A Woman Cannot Be President In Iran

by
Fatimah Mazhar
A constitutionally influential council in Iran has ruled that women cannot run as candidates for elections in the Islamic Republic of Iran despite thirty women registered as candidates.

iran Woman

Reuters

A constitutionally influential council in Iran has ruled that women cannot run as candidates for elections in the Islamic Republic of Iran despite thirty women registered as candidates.

A cleric of the Guardian Council announced his decision that a woman is not allowed to be the president of Iran according to the country’s laws. There is much ambiguity with regard to a woman’s election as a president in the Iranian constitution. The cleric has also said that only “rijal” which is the Arabic word for man is allowed to become the president of the country.

The disappointing decision comes a week after two Iranian women publicly announced their candidacies for the presidency in elections on June 14. One was a 45-year-old housewife Razieh Omidvar and Soraya Malekzadeh who is a trained economist and a university professor.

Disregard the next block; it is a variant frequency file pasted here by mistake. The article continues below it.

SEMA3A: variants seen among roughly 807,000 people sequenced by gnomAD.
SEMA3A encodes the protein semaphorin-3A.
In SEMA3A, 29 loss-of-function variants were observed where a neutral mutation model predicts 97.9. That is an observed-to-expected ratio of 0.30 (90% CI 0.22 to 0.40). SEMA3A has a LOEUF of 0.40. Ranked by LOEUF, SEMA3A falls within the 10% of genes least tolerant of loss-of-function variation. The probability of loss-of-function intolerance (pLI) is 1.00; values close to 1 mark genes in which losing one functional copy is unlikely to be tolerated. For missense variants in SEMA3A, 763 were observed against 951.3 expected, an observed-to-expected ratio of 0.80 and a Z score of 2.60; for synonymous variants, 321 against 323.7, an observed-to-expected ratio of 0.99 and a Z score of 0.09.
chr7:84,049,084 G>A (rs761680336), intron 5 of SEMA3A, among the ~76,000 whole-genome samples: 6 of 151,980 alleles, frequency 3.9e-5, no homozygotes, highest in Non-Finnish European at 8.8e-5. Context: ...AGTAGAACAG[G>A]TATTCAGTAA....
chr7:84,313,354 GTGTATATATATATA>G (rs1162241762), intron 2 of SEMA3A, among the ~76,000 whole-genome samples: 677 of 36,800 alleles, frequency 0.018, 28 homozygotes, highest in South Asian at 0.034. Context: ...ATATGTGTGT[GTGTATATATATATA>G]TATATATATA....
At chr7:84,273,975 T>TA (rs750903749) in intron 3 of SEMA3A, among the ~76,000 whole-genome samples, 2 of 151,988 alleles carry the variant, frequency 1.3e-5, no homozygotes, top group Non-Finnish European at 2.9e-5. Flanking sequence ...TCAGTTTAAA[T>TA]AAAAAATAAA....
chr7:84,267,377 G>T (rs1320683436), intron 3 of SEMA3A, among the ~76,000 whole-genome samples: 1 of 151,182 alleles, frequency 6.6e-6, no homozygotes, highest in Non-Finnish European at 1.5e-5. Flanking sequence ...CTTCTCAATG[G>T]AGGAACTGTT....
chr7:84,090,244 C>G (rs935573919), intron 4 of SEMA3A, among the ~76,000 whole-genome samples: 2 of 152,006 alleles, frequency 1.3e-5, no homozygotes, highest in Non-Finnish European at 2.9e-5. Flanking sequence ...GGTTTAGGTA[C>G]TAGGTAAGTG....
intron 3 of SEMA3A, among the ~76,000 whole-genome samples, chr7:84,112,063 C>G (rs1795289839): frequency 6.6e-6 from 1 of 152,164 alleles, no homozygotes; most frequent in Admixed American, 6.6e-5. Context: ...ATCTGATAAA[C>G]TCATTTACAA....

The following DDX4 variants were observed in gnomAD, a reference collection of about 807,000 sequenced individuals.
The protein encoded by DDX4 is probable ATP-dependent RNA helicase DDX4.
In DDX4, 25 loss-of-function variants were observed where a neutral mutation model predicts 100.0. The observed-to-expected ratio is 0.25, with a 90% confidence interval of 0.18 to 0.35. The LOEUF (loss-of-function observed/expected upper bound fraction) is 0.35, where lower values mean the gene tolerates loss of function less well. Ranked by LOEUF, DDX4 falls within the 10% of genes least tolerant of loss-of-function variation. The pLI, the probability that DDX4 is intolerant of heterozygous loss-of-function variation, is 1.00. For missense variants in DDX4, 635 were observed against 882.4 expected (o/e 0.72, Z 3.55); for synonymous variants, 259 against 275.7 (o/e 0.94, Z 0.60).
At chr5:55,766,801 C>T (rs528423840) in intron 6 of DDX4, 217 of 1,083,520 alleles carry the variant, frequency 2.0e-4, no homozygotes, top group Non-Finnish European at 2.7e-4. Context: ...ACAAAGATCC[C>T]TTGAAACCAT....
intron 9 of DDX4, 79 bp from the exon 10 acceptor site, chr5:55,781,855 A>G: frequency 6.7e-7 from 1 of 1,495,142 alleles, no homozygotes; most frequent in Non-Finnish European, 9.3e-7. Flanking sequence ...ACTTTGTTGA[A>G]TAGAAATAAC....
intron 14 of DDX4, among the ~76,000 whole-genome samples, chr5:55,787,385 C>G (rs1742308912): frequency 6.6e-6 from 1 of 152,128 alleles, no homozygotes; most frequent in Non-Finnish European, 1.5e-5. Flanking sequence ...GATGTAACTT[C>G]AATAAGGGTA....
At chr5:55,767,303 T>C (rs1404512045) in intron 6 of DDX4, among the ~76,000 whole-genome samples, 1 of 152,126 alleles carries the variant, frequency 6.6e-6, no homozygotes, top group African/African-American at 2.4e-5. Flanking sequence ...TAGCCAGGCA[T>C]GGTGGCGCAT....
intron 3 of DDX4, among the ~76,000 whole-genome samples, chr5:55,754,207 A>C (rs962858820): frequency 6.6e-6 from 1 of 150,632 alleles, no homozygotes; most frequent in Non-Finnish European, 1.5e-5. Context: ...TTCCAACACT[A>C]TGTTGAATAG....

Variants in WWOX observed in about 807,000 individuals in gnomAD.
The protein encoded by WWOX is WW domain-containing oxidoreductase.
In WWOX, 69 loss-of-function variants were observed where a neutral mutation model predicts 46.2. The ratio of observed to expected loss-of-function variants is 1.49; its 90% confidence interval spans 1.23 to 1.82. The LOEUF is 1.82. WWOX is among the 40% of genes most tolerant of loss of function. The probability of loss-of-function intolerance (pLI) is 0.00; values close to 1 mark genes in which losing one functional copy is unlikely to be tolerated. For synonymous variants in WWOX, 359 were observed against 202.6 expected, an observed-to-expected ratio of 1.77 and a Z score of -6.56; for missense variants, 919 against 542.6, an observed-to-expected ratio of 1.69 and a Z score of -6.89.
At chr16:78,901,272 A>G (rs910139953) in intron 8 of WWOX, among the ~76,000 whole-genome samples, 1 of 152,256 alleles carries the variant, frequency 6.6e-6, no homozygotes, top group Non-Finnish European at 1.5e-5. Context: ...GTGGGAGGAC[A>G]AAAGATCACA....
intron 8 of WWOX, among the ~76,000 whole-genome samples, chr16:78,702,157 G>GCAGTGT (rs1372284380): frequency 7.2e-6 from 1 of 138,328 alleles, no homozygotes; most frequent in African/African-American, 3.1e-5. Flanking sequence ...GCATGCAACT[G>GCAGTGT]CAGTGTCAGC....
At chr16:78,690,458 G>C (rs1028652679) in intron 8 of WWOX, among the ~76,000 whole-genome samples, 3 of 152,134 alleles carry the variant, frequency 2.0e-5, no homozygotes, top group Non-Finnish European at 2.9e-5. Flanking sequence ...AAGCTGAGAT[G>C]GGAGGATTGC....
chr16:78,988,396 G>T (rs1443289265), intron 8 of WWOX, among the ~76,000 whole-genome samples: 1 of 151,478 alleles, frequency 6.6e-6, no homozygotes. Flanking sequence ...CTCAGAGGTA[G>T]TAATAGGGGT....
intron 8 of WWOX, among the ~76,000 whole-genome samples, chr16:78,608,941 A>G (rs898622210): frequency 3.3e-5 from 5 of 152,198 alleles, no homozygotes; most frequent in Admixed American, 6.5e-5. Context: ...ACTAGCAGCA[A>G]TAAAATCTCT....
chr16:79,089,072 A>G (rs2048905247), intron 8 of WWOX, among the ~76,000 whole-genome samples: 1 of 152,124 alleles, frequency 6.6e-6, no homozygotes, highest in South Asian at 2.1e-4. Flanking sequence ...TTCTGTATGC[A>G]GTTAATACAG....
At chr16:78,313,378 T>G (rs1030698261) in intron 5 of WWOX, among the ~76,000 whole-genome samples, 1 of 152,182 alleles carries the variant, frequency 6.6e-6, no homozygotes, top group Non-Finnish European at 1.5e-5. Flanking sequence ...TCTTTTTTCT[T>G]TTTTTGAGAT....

The news of the rejection of the female candidates has (yet again) sparked a debate about the status of women in Iran. The announcement from the clerical member has sort of reaffirmed the fact that women in Iran are, if not oppressed, are not yet allowed to make a significant contribution in the country’s politics. The rejection of the women hopefuls has reignited the debate of the low status the female population holds in Iran.

It’s not as if the Islamic constitution bars a woman from contesting for a position for power. Many women in the history of Islam have enjoyed powerful positions as leaders. And not all Muslim states forbid women to run for top-level leadership. The Islamic Republic of Pakistan allowed late Benazir Bhutto to serve as the Prime Minister of the country.

Although women are allowed to stand for elections to the Iranian parliament and are considered to have greater freedom than women in Saudi Arabia and Afghanistan, in the 34 years since the Islamic Revolution, no woman has been allowed to run for the presidency and it appears that this year it’s not going to be anything different.

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